Whare Tapa Whā and Keeping Pou Strong

What to do

One of Sparklers most popular classroom activities is Fill My Te Whare Tapa Whā and this is a great place to start. to explore Te Whare Tapa Whā with your child and consider all the important whare pou and whenua which support your hauora (overall health) and wellbeing.

You may like to print or recreate Te Whare Tapa Whā printable alongside the scenarios below - you might like to print or work on this editble version here.


Bullying can be pretty far reaching in terms of its negative impact. But it's great too to talk about what the strengths are of each pou that can help when we may have experienced bullying? Some other good conversation starters might be:

  • How can these remain strong during challenging times?
  • What impact would upstanding have on our hauora?
  • Which pou might be impacted in both positive and challenging ways?

Below, and as a printable and online editable version here are some scenarios to discuss. For each scenario think hard about:

  1. Which pou has been impacted?
  2. How could you strengthen the pou by being an upstander?
  3. What impact could your upstanding action have?
  • Scenario 1: A girl at school commented that my friend’s new profile picture is ugly. Then she shared it across our friendship group with dumb comments. I've taken it down and have no profile picture now. Dunnno if I'll put one up again.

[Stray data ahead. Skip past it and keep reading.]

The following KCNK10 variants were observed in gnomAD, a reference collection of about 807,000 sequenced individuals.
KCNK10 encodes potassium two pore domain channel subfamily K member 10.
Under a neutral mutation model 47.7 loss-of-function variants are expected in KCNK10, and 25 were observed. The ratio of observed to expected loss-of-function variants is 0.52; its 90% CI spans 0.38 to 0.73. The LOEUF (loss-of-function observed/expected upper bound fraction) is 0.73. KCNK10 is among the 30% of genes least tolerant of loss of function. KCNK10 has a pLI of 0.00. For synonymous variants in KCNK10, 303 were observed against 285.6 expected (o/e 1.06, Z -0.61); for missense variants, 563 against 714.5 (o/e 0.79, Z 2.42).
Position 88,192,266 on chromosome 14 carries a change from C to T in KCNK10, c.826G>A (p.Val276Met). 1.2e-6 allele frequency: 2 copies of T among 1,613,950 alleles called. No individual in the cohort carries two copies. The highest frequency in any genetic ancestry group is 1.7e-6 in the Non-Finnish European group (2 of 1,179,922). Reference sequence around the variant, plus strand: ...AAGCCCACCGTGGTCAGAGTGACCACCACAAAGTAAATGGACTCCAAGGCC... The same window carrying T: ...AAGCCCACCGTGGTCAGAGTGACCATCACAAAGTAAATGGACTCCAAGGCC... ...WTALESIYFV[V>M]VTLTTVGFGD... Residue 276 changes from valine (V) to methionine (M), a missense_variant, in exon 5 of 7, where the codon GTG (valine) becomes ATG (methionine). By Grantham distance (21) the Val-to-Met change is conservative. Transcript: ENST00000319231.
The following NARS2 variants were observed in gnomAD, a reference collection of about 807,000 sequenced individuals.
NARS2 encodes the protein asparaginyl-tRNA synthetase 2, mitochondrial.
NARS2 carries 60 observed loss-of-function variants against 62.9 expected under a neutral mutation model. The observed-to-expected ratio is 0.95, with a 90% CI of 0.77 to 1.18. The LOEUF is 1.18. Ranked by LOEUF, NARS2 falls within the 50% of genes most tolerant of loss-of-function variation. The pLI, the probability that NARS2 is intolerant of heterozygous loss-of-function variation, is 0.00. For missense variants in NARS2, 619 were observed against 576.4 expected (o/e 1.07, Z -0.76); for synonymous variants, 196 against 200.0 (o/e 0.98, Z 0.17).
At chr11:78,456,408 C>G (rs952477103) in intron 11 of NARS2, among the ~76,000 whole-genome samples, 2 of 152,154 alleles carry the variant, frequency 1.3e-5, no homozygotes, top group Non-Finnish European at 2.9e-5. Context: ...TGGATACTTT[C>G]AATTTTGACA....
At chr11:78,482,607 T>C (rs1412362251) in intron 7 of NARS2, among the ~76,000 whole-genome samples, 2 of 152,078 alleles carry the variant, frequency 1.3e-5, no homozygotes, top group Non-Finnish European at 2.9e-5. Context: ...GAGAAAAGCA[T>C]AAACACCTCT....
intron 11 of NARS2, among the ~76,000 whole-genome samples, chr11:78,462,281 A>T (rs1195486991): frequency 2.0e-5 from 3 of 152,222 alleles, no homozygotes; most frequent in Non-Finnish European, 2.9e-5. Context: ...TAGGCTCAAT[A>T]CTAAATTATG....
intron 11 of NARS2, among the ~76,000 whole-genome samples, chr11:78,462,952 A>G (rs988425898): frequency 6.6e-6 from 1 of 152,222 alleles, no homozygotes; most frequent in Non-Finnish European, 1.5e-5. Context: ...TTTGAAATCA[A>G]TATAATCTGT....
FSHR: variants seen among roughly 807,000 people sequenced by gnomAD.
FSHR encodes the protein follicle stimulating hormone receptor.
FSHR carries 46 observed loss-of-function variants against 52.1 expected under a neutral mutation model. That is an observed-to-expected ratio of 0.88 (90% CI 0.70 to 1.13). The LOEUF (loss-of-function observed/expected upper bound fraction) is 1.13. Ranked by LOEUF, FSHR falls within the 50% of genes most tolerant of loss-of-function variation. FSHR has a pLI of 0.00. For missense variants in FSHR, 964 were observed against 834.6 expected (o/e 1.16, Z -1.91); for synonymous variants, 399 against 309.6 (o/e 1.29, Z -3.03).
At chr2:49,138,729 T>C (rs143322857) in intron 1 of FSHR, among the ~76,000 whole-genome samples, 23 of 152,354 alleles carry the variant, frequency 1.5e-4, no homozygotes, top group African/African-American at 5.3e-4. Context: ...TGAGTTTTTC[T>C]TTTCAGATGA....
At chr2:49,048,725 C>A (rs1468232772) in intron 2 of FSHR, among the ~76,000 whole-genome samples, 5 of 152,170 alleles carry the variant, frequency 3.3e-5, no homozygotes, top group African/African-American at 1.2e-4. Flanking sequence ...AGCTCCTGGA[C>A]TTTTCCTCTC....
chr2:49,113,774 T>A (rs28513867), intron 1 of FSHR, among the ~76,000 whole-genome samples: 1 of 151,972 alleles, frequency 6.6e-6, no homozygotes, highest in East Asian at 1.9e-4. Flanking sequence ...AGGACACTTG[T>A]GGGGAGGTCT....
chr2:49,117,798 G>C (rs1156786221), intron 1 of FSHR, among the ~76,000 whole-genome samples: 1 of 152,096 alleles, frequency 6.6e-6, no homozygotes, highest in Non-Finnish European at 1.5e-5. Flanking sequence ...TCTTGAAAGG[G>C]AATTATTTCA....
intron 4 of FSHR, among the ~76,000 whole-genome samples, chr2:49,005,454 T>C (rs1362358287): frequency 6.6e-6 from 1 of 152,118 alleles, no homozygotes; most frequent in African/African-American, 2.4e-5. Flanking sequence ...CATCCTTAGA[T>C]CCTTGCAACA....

• Scenario 2: This kid keeps going on and on about my cousin and saying really mean things about her. My cousin is disabled and I feel so mad about it but also really embarrassed.
  • Scenario 3: My classmates won’t let my friend join in four square at lunchtime.
  • Scenario 4: A class bully puts my friend down whenever they can. My friend now hates school and pretends to be sick a lot.
  • Scenario 5: My older brother is often mean to my little sister, at home and at school. He gets into trouble for it, but only when he’s caught and he still continues to bully her.
  • Scenario 6: There’s a boy in my class who’s a bit different to the others at school and he’s often made fun of and left out of things.
  • Scenario 7: A kid in my class super angry at lunchtime because someone made fun of her lunch. Now she’s getting teased, people are saying things like “stand back, she’ll lose it” when she walks past. I can tell it’s really upsetting her, but it's pretty funny too.

What next?

We know that having a positive sense of identity has a big positive impact on our overall wellbeing. Explore this more with Learn Your Pepeha

Whānau is much more than the people we are biologically related to. Our sense of connection to others is essential for positive wellbeing, so strengthening friendships is super important. Learn more about how to do this using the activity There For Me.